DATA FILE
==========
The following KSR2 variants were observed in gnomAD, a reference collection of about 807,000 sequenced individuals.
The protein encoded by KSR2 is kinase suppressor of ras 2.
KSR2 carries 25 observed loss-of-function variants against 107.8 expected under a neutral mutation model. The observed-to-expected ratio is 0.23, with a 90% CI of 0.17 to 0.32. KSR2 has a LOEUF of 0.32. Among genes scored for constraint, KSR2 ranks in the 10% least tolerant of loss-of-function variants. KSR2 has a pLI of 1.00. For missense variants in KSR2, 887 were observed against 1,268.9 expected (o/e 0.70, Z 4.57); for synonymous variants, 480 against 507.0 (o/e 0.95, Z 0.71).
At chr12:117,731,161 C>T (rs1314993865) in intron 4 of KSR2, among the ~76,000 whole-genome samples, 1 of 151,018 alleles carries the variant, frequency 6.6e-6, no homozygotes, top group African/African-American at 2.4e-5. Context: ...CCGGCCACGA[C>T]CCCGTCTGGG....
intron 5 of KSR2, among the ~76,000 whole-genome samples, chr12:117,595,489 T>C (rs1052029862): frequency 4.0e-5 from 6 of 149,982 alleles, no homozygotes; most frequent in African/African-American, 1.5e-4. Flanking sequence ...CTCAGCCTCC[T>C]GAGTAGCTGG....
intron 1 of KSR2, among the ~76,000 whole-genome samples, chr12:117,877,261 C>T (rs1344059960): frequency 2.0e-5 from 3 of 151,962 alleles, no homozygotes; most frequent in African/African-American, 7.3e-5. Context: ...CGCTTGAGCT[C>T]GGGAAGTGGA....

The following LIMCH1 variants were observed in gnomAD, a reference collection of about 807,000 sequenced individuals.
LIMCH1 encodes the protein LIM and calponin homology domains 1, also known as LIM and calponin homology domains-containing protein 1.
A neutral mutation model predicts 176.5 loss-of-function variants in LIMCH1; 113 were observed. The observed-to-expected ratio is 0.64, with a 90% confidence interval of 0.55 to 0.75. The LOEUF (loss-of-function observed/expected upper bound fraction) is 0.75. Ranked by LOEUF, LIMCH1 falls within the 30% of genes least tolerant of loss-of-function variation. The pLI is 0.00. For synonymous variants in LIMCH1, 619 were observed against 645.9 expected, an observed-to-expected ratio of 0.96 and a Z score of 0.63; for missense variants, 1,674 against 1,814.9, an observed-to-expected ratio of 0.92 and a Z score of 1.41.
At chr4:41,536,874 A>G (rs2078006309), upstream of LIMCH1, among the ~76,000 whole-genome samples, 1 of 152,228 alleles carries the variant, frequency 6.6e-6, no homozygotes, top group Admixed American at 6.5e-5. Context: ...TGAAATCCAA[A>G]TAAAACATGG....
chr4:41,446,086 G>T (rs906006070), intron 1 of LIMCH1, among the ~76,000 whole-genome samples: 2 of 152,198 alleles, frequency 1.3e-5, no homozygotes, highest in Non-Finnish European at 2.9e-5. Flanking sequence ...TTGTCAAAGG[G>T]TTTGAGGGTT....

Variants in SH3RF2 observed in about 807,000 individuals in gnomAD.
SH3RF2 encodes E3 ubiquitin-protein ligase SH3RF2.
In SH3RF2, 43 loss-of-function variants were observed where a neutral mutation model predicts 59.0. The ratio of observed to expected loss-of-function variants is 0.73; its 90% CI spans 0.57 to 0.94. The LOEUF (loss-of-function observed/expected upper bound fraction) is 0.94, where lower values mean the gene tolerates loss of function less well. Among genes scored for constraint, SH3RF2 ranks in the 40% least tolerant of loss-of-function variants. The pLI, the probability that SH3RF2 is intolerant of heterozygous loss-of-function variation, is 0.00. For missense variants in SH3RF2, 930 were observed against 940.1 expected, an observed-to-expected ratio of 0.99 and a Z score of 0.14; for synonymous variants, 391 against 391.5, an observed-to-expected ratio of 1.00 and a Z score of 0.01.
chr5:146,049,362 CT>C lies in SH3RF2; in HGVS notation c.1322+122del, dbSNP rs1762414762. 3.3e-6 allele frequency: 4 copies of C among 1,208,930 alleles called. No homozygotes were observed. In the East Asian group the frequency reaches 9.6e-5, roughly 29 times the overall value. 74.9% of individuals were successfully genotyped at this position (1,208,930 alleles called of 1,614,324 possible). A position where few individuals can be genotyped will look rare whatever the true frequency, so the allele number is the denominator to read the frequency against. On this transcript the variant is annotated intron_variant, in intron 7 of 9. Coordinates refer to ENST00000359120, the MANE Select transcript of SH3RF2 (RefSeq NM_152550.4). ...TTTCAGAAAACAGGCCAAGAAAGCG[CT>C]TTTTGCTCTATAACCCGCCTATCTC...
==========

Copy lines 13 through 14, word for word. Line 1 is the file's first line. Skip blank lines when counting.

SH3RF2 encodes E3 ubiquitin-protein ligase SH3RF2.
In SH3RF2, 43 loss-of-function variants were observed where a neutral mutation model predicts 59.0. The ratio of observed to expected loss-of-function variants is 0.73; its 90% CI spans 0.57 to 0.94. The LOEUF (loss-of-function observed/expected upper bound fraction) is 0.94, where lower values mean the gene tolerates loss of function less well. Among genes scored for constraint, SH3RF2 ranks in the 40% least tolerant of loss-of-function variants. The pLI, the probability that SH3RF2 is intolerant of heterozygous loss-of-function variation, is 0.00. For missense variants in SH3RF2, 930 were observed against 940.1 expected, an observed-to-expected ratio of 0.99 and a Z score of 0.14; for synonymous variants, 391 against 391.5, an observed-to-expected ratio of 1.00 and a Z score of 0.01.